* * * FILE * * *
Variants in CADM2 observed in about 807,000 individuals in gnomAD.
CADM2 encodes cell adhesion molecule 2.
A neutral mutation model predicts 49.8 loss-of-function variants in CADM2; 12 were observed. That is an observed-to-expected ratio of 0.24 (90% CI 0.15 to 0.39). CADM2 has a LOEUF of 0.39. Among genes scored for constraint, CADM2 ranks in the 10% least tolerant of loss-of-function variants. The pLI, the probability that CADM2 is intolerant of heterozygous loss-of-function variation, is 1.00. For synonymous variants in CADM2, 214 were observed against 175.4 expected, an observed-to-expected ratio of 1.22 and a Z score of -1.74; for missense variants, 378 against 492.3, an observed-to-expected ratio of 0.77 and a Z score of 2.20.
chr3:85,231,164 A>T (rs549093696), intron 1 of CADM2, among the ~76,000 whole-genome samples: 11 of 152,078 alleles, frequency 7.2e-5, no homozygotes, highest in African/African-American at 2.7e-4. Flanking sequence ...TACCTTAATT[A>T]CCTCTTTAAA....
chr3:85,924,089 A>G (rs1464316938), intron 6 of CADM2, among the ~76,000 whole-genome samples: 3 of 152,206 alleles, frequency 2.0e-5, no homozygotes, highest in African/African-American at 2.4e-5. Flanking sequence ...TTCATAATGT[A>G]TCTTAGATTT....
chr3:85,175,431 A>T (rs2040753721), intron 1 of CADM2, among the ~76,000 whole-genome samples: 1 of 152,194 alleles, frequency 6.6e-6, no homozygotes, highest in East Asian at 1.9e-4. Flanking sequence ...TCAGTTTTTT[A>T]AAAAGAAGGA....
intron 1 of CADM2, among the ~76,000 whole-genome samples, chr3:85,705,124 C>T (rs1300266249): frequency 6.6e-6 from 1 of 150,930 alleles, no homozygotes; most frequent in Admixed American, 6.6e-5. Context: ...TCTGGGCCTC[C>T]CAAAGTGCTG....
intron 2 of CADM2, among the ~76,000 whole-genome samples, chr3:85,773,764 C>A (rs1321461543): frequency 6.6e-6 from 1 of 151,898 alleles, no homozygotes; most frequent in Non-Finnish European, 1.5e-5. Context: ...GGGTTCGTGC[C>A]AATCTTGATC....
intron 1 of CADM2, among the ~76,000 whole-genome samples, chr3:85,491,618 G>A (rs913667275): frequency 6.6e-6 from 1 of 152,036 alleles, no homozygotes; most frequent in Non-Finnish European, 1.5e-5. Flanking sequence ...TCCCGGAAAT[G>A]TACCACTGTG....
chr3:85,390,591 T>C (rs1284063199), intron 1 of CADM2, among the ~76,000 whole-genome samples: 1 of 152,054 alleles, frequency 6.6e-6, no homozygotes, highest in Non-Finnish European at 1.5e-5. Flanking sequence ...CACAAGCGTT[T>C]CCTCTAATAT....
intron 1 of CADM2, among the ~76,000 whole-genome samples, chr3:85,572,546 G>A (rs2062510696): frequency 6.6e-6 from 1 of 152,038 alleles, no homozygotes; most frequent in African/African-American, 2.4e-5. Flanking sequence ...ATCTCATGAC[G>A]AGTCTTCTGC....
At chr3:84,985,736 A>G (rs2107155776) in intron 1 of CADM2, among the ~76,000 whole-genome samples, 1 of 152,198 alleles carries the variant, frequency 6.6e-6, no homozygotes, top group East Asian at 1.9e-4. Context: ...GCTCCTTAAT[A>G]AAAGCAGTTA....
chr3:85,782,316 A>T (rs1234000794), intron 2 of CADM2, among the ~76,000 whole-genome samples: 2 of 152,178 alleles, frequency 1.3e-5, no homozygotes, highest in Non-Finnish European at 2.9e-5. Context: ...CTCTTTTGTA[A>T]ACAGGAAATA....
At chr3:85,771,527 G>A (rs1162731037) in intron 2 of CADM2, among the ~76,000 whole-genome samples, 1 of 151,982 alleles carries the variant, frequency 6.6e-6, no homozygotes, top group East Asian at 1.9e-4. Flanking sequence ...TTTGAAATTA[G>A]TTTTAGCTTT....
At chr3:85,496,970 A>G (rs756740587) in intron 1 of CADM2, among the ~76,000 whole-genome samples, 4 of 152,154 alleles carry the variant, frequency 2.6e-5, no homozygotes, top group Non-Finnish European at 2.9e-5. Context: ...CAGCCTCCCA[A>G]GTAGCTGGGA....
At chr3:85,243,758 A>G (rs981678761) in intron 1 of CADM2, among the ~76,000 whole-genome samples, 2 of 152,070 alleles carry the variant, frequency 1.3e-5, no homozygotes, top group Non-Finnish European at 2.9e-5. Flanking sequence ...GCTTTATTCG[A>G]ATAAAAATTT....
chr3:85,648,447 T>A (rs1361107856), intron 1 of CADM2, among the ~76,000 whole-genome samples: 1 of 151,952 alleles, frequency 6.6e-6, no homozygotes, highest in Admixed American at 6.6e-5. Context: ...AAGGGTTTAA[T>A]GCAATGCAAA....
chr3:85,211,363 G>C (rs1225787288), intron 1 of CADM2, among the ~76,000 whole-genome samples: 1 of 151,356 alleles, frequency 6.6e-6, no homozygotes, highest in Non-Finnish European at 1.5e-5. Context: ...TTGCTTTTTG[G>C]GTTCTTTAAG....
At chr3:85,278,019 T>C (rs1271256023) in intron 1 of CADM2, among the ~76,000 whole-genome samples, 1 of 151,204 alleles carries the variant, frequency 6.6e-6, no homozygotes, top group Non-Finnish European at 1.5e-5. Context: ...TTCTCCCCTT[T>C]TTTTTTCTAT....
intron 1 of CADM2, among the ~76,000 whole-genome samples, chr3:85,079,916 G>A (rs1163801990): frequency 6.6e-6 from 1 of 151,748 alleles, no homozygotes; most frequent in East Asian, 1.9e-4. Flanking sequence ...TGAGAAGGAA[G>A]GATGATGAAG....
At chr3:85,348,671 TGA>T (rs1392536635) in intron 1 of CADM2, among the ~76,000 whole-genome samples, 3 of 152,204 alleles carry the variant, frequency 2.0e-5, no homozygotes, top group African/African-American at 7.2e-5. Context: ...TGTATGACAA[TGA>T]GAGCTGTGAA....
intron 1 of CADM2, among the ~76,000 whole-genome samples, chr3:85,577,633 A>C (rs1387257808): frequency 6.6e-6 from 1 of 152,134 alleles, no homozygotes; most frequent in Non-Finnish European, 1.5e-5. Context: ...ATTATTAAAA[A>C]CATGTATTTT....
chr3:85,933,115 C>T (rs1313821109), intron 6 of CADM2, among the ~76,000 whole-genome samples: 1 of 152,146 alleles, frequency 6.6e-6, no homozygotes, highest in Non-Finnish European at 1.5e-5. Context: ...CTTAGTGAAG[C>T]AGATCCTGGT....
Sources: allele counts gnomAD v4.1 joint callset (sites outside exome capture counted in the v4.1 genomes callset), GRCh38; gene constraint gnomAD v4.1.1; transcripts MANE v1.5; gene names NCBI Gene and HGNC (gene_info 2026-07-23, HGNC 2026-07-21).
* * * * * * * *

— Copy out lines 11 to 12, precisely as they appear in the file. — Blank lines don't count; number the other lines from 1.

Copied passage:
intron 1 of CADM2, among the ~76,000 whole-genome samples, chr3:85,572,546 G>A (rs2062510696): frequency 6.6e-6 from 1 of 152,038 alleles, no homozygotes; most frequent in African/African-American, 2.4e-5. Flanking sequence ...ATCTCATGAC[G>A]AGTCTTCTGC....
At chr3:84,985,736 A>G (rs2107155776) in intron 1 of CADM2, among the ~76,000 whole-genome samples, 1 of 152,198 alleles carries the variant, frequency 6.6e-6, no homozygotes, top group East Asian at 1.9e-4. Context: ...GCTCCTTAAT[A>G]AAAGCAGTTA....